Dr Hasan Askari Rizvi

Games that states play

The bilateral relations between Pakistan and the United States have become increasingly complex, manifesting convergence and divergence at the same time and reflecting varying degrees of distrust from time to time. Both apply pressure on each other, although the US has more levers to pull to off-balance Pakistan.
The major reason for the games the US and Pakistan play with each other is that they share the goal of elimination of terrorism in Afghanistan and Pakistan but diverge

Mubasher Lucman

Help needed

Asia Begum is a widow with seven children, five of whom are young girls and are both physically and mentally challenged. They range from age groups between 7 years to mid teens. The two older ones, who are normal, have not been able to complete their formal education and are reduced to taking care of the younger siblings along with their mother. The children must be washed, bathed, fed and cleaned every day. It also means they have to be carried on a back to a toilet each day. The two

Mayank Austen Soofi

Wishful thinking

What will be new about 2011? Can it be possible that for an Indian passport-holder like me, going to Lahore becomes as simple as going to Lucknow? Can you be able to commute easily from Karachi to Kanpur? Can Kashmir… uh, let’s face it: Kashmir won’t be solved in our lifetime. But is India-Pakistan peace possible? Readers, I have a New Year wish. I’m not asking for the impossible. In 2011, I just want to see this report in my favorite daily, The New York Times written by somebody like

Hassaan Ghazali

Lost in Pakistan

The year 2010 will always be remembered as the year in which the hit American TV series “Lost” ended. As the curtain fell on six long years of a sci-fi survivalist extravaganza, the show had attained cult status across the world with critical acclaim and popular success for its spiritual and mythological underpinnings. The series tells the story of various individuals and groups of people after a passenger plane crashes on a mysterious tropical Island. The series finale, simply titled

Owning democracy

Many critics say that the democracy – “rotten democracy”, as they like to say it – is not the panacea for all ills but they should not forget that democracy, whether brought about by one party or coalition, may be a bitter pill but much better than getting victimised under arbitrary rule of one man, having no say or participation.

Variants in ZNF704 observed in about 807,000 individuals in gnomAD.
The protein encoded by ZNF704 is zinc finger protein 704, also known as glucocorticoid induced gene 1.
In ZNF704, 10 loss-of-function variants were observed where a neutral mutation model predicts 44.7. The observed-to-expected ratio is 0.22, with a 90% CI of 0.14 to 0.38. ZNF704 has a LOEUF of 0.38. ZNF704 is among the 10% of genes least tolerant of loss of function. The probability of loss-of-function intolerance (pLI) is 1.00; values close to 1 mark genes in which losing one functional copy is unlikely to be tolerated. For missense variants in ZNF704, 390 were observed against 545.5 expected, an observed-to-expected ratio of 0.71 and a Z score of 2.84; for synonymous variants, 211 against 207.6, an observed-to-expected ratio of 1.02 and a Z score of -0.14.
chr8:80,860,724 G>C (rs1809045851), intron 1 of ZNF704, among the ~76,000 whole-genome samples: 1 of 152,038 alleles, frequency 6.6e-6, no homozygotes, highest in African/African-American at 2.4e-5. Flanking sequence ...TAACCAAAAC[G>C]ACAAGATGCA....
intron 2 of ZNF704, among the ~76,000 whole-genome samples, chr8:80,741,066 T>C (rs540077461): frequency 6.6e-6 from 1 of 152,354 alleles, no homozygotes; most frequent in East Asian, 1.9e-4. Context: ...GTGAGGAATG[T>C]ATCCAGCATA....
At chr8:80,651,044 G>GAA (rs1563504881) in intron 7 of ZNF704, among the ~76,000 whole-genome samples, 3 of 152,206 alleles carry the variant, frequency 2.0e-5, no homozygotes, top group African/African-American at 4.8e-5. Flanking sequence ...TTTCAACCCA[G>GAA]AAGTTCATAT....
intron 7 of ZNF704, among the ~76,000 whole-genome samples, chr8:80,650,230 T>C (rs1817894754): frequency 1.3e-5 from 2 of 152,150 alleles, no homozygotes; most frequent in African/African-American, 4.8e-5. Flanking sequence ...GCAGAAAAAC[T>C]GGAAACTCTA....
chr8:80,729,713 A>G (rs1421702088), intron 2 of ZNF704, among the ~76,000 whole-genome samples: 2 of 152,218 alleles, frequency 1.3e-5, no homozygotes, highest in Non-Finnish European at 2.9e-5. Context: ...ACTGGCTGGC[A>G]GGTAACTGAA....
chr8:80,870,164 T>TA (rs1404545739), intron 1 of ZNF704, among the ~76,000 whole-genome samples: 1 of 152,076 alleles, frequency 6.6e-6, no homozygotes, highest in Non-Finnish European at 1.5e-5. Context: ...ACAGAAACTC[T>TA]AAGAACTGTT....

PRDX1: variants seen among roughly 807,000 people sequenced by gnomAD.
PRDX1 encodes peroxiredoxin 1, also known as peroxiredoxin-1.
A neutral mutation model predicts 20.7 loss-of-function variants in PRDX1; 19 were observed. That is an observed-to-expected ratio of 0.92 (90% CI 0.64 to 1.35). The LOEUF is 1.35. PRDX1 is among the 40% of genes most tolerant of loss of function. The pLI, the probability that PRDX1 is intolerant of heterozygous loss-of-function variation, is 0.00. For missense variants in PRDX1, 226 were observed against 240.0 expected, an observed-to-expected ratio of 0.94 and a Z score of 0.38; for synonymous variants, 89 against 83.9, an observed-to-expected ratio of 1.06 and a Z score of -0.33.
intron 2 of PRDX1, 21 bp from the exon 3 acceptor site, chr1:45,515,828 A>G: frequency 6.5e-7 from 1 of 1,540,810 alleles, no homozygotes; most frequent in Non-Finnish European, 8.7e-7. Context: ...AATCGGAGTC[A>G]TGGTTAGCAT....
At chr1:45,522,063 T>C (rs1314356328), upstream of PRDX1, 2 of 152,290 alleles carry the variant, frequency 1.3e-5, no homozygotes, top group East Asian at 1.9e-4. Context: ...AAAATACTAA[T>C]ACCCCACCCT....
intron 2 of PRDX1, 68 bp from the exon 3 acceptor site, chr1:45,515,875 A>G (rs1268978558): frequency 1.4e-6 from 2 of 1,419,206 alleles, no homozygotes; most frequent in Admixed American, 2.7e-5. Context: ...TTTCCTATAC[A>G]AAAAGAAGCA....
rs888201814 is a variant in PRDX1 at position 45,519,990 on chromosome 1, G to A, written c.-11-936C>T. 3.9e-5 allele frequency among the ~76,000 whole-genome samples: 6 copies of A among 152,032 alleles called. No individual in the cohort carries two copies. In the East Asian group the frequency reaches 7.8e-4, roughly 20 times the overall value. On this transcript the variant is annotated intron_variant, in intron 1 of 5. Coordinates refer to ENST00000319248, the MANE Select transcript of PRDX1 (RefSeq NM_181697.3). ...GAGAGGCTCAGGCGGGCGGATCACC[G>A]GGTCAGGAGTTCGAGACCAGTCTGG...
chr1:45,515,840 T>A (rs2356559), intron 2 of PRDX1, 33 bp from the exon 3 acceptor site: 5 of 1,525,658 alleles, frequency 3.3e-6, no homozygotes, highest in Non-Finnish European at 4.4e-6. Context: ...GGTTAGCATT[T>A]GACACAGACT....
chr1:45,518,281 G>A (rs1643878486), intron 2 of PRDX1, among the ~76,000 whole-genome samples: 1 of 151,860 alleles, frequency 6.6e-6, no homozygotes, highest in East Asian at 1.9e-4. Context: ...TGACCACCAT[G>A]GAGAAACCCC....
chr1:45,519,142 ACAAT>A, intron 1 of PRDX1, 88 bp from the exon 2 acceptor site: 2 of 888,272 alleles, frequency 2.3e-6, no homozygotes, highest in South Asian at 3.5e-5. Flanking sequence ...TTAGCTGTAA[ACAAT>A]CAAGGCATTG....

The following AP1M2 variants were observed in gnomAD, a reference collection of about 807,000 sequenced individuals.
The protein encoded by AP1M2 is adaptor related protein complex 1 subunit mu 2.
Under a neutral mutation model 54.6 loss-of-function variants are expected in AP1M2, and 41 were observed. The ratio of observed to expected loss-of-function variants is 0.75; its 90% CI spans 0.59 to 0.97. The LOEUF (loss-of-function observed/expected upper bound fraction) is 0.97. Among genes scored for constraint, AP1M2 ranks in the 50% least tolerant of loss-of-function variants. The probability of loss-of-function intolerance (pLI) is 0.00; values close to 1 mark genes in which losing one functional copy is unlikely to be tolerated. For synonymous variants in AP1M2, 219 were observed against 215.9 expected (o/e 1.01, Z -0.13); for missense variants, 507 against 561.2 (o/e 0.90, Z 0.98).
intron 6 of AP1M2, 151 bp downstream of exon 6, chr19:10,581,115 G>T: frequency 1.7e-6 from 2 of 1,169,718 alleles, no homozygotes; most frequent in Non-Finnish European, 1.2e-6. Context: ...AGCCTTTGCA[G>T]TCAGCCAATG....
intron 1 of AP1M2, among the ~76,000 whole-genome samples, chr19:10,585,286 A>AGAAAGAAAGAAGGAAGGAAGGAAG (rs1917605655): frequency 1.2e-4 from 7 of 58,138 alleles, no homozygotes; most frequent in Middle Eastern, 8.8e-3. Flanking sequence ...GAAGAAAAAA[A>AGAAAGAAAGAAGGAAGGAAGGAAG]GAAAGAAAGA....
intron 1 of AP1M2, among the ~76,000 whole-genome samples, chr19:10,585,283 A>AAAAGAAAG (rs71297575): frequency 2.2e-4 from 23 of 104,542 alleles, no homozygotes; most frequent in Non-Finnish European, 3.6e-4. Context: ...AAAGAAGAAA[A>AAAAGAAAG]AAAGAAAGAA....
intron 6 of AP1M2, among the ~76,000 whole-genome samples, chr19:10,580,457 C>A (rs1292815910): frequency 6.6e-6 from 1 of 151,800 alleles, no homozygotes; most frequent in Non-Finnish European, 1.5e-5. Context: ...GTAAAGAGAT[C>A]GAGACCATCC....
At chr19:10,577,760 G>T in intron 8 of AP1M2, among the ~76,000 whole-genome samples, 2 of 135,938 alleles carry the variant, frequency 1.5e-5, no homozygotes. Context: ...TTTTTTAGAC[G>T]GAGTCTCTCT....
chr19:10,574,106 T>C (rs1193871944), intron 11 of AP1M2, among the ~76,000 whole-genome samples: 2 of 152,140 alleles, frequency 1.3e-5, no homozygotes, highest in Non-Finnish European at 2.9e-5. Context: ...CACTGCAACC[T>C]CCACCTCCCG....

Furthermore, we say that Pakistan is suffering from various maledictions like misgovernance, regionalism and ballooning economic crisis but it needs to

PCB’s shame

This is with reference to reports that Waqar, Afridi and Maj Najam have given testimony confirming continued meetings of Salman Butt, Asif, Kamran Akmal and Amir with the Majeed brothers inspite of warnings not to do so.
The question that remains unanswered is what was the role of Shafqat Rana and Yawar Ali in this shameful episode which has brought shame and disgrace to Pakistan cricket. After all what is the role of a manager and in this case two of them. Reports also suggest

Distorted justice

Dubious cases are being noticed wherein a corrupt employee in the private sector, facing a threat of his termination by the employer, disappears for a few days and files a false case of forcible detention by his employer ostensibly supported by false witnesses.
Such cases are liable to drag on for a long time in spite of enquiry reports of police investigation showing the spurious nature of cases.
Such cases often happen in lower courts which are not entirely free from

Pakistan at a standstill

It appears that Pakistan is all about Benazir Mr Bhutto and Zardari nowadays. All year round, there are ceremonies of PPP with live coverage on every TV channel alongside worth billion of rupees print advertisements. Who pays for all this?
Is it from PPP funds or the tax money squeezed from the 170 million hungry stomachs?
The political leaders, jurists, judges and opinion makers must ask this question in the media and insist on the answers from the Prime Minister,

Music in Islam